Are you intimidated by the thought of A-level selection? Perhaps you’re unsure about what your next step should be?
We know this can be a tricky decision to make. That’s why we’ve put together an in-depth resource on everything you need to know about choosing A-level subjects.
From entry requirements to key considerations, our guide is here to help you make an informed decision on the A-levels which align with your career goals and aspirations.
- Why choose A-levels?
- What to consider when choosing A-levels
- What are the entry requirements for studying A-levels?
Whether you’ve turned 16 and are unsure of your next steps or you’re seeking a career change in later life, making the decision to study an A-level is a big commitment. After all, A-levels are equivalent to Level 3 qualifications, so you can expect them to be much more demanding than GCSEs and Highers.
So, why should you take them? And how could they benefit your career prospects in the long term?
First and foremost, A-levels are a prerequisite for entering higher education, so if you have aspirations to go to university, you’ll need at least two or three A-levels. This isn’t the case for all subjects, though, so be sure to research entry requirements before opting for a certain qualification.
Remember, though, that A-levels aren’t just a gateway to university. They’re also viewed very favourably by employers, so if you’re not sure university is right for you, having an A-level or two under your belt could still help clinch that dream job or career opportunity.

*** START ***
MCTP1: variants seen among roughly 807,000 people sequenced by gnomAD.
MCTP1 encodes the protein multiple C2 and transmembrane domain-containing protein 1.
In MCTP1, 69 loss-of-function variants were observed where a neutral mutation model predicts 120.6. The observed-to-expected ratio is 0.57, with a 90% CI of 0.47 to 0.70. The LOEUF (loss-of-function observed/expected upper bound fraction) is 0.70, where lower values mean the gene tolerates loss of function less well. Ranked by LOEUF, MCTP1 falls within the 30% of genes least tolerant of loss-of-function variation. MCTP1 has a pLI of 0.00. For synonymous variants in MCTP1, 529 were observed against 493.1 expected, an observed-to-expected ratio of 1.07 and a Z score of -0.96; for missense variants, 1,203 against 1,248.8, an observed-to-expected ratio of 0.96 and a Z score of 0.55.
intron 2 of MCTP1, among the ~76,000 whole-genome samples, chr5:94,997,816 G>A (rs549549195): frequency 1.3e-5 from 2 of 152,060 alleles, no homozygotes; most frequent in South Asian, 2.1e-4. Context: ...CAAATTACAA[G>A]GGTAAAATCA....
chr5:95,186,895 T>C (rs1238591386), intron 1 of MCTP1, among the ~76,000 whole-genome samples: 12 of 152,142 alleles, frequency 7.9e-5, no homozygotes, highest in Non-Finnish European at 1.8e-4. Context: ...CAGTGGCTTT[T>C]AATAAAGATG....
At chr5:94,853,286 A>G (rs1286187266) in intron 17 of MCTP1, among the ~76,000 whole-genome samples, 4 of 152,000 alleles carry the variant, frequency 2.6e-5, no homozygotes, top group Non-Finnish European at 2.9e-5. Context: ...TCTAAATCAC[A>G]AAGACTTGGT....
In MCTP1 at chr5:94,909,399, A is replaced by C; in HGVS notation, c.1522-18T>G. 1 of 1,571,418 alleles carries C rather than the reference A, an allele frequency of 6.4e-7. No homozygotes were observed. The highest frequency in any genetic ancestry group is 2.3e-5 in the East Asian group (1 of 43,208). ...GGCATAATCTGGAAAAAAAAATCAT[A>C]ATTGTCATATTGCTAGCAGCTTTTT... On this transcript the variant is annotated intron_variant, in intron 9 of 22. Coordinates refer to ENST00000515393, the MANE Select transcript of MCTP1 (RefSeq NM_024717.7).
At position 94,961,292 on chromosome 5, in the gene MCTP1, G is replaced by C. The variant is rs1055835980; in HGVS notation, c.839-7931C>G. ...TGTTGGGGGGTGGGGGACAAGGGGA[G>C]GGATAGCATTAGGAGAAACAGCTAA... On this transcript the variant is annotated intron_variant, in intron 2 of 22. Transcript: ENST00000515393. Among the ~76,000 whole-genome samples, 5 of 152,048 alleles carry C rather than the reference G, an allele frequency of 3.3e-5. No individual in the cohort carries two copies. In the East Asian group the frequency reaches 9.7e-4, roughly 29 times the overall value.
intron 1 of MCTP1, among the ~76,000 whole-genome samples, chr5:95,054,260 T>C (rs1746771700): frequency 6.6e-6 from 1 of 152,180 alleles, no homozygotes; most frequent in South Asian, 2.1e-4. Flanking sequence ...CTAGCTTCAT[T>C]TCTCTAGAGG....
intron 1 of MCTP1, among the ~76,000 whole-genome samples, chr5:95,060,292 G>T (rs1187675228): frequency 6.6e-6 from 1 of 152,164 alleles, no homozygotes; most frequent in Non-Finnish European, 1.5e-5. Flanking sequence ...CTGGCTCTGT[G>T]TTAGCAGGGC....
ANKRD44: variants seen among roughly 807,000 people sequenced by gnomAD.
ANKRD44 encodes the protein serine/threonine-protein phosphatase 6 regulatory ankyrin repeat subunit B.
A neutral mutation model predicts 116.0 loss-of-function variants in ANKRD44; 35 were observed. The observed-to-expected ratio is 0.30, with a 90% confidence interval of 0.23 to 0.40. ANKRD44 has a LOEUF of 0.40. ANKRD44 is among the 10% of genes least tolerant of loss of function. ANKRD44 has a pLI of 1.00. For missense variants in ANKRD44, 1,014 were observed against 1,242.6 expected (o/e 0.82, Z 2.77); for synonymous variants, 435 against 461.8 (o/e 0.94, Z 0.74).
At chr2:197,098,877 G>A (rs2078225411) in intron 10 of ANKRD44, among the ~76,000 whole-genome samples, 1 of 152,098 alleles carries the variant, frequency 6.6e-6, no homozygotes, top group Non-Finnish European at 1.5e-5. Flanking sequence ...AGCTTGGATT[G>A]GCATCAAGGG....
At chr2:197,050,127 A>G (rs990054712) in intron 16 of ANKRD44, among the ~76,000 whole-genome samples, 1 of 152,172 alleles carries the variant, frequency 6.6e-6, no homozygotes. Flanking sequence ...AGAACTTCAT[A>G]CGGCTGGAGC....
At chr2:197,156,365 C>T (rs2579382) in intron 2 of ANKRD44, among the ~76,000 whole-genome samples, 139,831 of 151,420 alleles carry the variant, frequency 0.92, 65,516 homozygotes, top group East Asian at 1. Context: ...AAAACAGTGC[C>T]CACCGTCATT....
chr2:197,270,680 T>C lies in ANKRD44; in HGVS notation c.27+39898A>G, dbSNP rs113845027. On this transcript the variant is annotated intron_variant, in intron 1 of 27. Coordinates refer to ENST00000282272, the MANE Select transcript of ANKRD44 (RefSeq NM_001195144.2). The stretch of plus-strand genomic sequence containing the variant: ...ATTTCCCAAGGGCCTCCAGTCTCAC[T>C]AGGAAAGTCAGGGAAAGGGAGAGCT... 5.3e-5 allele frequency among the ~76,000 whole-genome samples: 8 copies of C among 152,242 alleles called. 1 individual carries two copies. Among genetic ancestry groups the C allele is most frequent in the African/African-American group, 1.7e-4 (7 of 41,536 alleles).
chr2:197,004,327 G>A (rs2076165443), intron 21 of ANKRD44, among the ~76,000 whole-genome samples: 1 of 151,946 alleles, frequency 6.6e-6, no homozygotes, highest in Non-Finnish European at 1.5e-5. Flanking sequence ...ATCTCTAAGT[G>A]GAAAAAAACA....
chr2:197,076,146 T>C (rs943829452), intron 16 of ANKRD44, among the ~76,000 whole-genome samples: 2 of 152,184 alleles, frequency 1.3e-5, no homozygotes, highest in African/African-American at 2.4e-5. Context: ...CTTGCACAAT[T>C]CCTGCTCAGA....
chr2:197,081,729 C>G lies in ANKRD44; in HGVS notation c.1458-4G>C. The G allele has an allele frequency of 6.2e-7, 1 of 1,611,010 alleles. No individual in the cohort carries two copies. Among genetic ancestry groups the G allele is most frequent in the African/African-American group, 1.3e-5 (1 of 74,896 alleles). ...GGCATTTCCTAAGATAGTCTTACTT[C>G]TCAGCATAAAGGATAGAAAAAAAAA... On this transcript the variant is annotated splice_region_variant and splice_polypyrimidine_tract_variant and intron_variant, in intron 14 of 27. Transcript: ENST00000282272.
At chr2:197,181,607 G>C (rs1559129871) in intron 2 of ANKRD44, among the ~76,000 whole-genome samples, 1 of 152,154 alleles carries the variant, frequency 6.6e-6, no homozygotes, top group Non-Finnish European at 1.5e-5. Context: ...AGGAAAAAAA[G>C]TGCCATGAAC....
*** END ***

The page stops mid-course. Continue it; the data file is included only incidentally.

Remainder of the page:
What’s also important to consider is that A-levels do have equivalents, so if you can’t find an A-level course in a subject you want, it may be available as part of another qualification. BTEC Nationals are closest to A-levels (awarding you a Level 3 qualification), and cover a variety of subjects, from beauty therapy and electrical engineering, to music technology, applied sciences, and horticulture.
If you decide A-levels are right for you, the next challenge is choosing the subjects you want to study. Aside from personal interest and enjoyment, there’s a lot to consider here, which is why we’ve put together some practical advice for choosing the right A-levels below.
First, there are three main points to keep in mind when deciding on which A-level courses to study. These are:
- Your enjoyment of the subject – if you don’t enjoy studying a subject, it goes without saying that you won’t enjoy a career in it either. Personal enjoyment may seem like a soft consideration, but it should be at the heart of your decision-making process.
- How good you are at a subject – as touched on earlier, A-levels are tough, so you’ll need to pick subjects you’re good at to come out with respectable grades. This might sound like common sense, but it’s something worth remembering to guarantee study success.
- How the subject will help your career – enjoyment and aptitude in a subject are one thing, but it’s important to think long-term too. How will your A-level choices support your career aspirations? And how will they help propel you to the next rung of the ladder?
So, these are the three main points to bear in mind when choosing A-levels, but what else should you consider? Let’s take a look.
Have a specific university course in mind? Get to know entry requirements